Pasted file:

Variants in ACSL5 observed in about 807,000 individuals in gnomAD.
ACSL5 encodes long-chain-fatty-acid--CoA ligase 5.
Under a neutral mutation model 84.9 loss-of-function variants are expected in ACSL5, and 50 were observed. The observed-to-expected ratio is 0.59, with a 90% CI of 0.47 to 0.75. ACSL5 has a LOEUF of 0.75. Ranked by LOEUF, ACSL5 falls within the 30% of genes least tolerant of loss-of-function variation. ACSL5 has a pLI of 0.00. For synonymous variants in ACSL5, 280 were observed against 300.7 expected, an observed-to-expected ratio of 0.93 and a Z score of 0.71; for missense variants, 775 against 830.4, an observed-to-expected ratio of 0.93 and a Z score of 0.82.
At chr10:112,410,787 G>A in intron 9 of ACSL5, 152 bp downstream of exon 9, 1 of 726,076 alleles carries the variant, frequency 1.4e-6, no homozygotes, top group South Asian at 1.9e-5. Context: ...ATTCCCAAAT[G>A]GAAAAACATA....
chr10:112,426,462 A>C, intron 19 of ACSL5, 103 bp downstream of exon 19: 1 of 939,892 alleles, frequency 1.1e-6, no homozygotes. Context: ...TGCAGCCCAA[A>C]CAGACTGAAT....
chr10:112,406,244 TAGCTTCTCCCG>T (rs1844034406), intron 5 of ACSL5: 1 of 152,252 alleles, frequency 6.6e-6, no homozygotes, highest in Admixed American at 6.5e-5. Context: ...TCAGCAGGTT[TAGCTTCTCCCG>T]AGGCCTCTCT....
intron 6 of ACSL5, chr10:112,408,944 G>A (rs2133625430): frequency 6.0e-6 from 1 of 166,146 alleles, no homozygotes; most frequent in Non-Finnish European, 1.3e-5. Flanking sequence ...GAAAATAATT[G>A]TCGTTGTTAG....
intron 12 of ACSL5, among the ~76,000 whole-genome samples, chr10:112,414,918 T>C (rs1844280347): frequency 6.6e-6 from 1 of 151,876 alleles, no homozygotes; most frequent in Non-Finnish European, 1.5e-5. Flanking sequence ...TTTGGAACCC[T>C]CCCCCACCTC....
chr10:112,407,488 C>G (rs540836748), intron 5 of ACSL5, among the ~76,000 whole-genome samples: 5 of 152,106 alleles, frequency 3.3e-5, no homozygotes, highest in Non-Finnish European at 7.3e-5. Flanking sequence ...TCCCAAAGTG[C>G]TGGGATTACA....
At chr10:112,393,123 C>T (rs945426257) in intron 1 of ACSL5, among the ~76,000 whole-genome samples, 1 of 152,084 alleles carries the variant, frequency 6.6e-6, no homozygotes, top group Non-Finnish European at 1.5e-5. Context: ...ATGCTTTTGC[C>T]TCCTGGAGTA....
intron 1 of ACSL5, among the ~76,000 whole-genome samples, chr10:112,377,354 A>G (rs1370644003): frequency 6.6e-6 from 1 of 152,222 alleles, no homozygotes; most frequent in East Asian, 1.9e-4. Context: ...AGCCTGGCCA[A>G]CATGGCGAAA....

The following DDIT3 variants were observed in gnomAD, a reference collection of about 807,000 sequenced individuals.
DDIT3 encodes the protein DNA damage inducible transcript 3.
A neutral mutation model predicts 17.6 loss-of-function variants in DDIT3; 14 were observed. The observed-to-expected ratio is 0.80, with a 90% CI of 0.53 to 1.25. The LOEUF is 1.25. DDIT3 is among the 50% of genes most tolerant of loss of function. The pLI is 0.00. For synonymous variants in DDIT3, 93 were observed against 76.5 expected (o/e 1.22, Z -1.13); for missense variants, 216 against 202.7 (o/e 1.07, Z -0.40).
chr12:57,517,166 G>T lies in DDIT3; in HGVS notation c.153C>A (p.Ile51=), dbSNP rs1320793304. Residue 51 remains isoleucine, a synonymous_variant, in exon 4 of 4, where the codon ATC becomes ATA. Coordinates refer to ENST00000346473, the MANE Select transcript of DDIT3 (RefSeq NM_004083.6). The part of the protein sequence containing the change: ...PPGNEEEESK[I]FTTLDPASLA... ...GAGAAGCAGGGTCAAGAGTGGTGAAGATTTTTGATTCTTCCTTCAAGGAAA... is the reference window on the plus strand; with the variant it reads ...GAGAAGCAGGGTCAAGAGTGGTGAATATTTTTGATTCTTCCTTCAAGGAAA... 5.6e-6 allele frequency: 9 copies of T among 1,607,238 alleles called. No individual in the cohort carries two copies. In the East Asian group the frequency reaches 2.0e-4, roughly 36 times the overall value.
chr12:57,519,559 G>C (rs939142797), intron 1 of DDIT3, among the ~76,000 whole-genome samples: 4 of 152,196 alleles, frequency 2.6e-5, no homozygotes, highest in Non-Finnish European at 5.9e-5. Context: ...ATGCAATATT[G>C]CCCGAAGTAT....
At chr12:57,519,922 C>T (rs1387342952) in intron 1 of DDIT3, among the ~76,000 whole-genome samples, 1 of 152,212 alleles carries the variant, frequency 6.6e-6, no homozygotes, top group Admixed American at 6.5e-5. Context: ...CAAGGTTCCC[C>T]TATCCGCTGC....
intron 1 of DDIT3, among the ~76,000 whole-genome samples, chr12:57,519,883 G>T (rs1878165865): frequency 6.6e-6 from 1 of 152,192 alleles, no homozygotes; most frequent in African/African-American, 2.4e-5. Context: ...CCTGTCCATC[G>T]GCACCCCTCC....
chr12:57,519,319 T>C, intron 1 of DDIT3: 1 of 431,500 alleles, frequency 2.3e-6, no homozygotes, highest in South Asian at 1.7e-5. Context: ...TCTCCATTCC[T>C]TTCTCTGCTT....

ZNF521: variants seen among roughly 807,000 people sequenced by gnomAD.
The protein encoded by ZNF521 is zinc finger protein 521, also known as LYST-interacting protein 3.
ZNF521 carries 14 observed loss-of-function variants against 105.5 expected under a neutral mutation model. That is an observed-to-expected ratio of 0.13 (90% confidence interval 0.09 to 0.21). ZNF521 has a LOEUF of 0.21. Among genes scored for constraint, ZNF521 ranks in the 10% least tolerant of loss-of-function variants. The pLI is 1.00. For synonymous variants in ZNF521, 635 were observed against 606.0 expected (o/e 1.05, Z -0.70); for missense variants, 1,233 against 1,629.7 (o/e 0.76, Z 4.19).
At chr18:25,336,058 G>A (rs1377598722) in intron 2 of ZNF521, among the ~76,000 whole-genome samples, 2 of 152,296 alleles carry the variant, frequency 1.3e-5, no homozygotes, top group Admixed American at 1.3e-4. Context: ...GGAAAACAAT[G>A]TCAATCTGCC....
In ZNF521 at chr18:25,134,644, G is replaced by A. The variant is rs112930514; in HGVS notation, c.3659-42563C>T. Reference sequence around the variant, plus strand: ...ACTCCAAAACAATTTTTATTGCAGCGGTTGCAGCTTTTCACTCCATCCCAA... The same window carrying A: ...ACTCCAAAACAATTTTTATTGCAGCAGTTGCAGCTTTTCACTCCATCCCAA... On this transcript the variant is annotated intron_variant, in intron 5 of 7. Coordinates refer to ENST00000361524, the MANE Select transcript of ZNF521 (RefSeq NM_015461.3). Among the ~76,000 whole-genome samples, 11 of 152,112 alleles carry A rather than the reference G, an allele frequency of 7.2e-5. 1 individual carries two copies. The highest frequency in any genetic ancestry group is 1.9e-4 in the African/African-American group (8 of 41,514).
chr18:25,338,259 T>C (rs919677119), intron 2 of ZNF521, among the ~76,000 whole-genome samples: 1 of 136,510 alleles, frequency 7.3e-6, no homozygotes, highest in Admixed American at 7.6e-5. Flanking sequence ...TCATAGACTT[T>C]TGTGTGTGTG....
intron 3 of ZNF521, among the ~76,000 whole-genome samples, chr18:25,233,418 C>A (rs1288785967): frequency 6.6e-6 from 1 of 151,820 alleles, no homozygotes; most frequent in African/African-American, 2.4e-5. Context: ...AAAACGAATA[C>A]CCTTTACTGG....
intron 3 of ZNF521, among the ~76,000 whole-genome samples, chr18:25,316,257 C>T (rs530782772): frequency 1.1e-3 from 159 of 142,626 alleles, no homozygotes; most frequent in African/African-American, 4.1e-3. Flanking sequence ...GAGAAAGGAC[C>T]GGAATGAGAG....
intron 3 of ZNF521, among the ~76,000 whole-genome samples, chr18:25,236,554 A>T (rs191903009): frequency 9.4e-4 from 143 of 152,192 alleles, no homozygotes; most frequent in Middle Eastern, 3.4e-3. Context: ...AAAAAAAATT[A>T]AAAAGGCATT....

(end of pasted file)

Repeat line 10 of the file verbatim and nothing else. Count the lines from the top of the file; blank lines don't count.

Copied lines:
At chr10:112,393,123 C>T (rs945426257) in intron 1 of ACSL5, among the ~76,000 whole-genome samples, 1 of 152,084 alleles carries the variant, frequency 6.6e-6, no homozygotes, top group Non-Finnish European at 1.5e-5. Context: ...ATGCTTTTGC[C>T]TCCTGGAGTA....